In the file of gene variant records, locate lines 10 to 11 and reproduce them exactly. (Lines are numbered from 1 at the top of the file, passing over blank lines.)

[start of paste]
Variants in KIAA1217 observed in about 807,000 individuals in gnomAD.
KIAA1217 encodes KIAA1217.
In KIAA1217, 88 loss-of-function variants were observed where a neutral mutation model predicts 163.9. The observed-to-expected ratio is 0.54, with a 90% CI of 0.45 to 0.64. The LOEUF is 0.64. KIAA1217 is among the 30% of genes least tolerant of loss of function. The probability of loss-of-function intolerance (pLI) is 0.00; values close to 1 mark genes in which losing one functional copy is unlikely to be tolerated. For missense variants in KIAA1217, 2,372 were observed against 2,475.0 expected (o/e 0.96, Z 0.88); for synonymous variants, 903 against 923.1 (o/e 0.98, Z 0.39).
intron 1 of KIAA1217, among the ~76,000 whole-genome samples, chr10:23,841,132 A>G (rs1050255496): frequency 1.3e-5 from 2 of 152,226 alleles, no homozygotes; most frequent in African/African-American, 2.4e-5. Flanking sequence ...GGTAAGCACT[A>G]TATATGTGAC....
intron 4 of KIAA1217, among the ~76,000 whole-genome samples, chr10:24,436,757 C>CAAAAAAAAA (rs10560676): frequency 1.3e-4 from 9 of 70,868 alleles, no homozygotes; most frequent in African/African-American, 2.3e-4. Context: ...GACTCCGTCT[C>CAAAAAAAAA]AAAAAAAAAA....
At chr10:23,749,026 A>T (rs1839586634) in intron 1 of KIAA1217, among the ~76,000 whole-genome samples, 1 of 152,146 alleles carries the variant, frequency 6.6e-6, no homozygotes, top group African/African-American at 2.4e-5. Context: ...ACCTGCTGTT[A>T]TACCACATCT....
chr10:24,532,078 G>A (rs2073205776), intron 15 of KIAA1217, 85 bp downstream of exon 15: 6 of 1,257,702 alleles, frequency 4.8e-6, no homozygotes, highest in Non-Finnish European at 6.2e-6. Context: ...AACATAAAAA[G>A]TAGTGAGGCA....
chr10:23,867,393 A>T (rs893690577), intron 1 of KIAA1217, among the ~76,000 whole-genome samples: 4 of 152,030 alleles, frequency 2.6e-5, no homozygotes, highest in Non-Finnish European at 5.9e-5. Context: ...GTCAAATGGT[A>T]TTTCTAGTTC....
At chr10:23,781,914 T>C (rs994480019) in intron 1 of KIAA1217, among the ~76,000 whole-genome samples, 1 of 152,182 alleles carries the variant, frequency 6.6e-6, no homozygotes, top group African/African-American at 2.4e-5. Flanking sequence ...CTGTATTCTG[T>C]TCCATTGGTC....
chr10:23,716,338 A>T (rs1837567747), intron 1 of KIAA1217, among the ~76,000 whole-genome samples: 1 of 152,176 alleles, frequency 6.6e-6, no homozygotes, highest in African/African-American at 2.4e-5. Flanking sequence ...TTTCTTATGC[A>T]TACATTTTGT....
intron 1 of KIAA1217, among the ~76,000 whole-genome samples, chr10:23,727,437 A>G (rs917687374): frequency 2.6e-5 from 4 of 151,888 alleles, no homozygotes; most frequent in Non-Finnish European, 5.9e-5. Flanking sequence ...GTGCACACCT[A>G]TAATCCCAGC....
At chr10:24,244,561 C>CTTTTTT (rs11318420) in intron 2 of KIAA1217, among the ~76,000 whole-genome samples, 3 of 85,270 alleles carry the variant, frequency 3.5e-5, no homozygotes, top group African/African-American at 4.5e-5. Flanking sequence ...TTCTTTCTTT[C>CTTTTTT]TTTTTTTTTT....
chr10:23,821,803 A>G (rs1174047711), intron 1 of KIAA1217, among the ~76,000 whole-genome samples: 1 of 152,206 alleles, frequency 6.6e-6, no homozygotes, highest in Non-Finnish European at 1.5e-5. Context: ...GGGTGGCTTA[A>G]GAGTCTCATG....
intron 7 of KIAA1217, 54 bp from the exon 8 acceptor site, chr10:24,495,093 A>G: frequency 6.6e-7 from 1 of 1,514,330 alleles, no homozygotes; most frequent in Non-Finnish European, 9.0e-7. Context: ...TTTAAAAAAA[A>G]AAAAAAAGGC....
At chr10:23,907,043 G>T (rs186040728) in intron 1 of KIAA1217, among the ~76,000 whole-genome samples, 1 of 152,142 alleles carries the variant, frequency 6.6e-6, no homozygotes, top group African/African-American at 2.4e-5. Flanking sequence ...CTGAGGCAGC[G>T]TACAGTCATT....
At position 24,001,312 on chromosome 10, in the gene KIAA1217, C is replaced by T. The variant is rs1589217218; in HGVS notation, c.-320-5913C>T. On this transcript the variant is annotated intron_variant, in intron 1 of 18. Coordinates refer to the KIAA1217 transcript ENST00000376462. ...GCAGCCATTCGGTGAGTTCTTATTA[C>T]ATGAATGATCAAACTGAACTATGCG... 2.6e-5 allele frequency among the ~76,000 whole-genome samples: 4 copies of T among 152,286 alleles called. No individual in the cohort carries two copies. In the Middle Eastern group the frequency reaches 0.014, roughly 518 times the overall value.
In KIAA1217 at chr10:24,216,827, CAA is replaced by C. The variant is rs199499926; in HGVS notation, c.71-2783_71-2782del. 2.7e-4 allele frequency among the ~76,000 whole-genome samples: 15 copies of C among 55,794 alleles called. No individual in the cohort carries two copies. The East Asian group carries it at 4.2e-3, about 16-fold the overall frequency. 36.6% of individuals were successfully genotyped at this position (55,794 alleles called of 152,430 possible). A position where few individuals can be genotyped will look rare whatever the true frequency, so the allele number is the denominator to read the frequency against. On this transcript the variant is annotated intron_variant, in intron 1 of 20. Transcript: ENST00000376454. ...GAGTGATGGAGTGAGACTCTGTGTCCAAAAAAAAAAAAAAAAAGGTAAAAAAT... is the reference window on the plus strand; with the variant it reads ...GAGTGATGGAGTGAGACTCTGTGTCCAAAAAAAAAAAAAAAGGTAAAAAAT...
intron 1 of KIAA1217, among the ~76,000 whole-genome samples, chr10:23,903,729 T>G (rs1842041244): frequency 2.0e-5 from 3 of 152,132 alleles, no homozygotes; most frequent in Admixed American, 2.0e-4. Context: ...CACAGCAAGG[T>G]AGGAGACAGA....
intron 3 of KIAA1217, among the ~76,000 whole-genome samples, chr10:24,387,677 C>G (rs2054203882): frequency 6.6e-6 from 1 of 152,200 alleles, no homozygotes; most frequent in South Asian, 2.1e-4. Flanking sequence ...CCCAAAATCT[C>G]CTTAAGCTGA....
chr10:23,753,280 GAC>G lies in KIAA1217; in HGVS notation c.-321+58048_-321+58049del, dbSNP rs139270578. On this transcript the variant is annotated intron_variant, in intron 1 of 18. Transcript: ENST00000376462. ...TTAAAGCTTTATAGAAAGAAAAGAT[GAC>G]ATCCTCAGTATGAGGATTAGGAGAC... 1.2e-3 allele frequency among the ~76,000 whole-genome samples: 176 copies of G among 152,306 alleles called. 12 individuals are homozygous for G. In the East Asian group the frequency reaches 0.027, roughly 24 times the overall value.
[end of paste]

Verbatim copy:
chr10:23,716,338 A>T (rs1837567747), intron 1 of KIAA1217, among the ~76,000 whole-genome samples: 1 of 152,176 alleles, frequency 6.6e-6, no homozygotes, highest in African/African-American at 2.4e-5. Flanking sequence ...TTTCTTATGC[A>T]TACATTTTGT....
intron 1 of KIAA1217, among the ~76,000 whole-genome samples, chr10:23,727,437 A>G (rs917687374): frequency 2.6e-5 from 4 of 151,888 alleles, no homozygotes; most frequent in Non-Finnish European, 5.9e-5. Flanking sequence ...GTGCACACCT[A>G]TAATCCCAGC....